More Resources You May Be Interested In

Requirements of Affiliation
Guide for Currently Accredited Institutions
Guidelines for Visiting Institutions Abroad and Overseas Instructional Locations
Applicant Report Forms

Seeking Accreditation for the First Time

In order to be eligible to become accredited, an applicant institution must demonstrate that it meets the Requirements of Affiliation. An institution of higher education may be said to be affiliated with the Commission only after it has achieved candidacy (pre-accreditation) or accredited status.

The length of time from candidacy to accreditation depends on a number of factors, including how long the institution has been in operation and its compliance with the Requirements of Affiliation. Once candidacy is achieved, an institution must progress to accreditation within five years. Colleges and universities seeking to affiliate with the Commission should review the following documents:

To view regional accrediting commission, click here.

For Additional Information on Accreditation:

Currently accredited by another recognized U.S. accreditor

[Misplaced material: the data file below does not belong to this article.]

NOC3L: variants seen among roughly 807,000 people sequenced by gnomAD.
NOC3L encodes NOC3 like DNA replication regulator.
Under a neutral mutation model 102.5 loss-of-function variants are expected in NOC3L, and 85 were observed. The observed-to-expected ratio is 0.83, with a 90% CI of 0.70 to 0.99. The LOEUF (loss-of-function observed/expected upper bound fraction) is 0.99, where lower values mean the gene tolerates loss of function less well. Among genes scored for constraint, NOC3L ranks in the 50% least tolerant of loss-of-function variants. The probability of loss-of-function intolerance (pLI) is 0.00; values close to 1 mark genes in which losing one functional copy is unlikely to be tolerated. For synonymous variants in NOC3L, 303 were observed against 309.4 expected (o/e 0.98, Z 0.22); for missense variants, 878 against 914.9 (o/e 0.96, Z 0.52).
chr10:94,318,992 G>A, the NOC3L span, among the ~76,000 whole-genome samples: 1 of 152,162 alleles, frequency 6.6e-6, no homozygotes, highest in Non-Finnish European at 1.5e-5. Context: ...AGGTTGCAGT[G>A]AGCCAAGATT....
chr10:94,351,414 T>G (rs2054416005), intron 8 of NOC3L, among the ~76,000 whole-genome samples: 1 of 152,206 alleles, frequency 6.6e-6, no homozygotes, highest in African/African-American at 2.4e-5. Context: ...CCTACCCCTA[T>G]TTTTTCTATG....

Effective July 1, 2020, the U.S. Department of Education passed regulation declaring that “regional” accrediting agencies could expand their scope by accrediting institutions outside of their traditional region.

The New England Commission of Higher Education (NECHE) has adopted a formal process to consider applications for accreditation from institutions currently accredited by another federally recognized institutional accreditation agency. To transition to NECHE accreditation, the institution must provide evidence that: 1) it is in good standing with its current accreditation agency, 2) it is financially stable; and 3) it meets NECHE’s Standards for Accreditation and Requirements of Affiliation. The process ensures that institutions will be able to engage in an ongoing relationship with the Commission focused on public accountability and institutional improvement.

Free-standing institutions abroad interested in exploring U.S. accreditation are advised to work closely with Commission staff. NECHE’s criteria for consideration include the following requirements, among others: that the institution be American-style, that it be independent (non-governmental), that academic programs and degrees are comparable to those offered in the U.S.; that the institution has a governing board including representation of the public interest; and that administration, faculty and professional staff collectively have significant experience in American higher education.

A complete set of criteria is found in the following documents: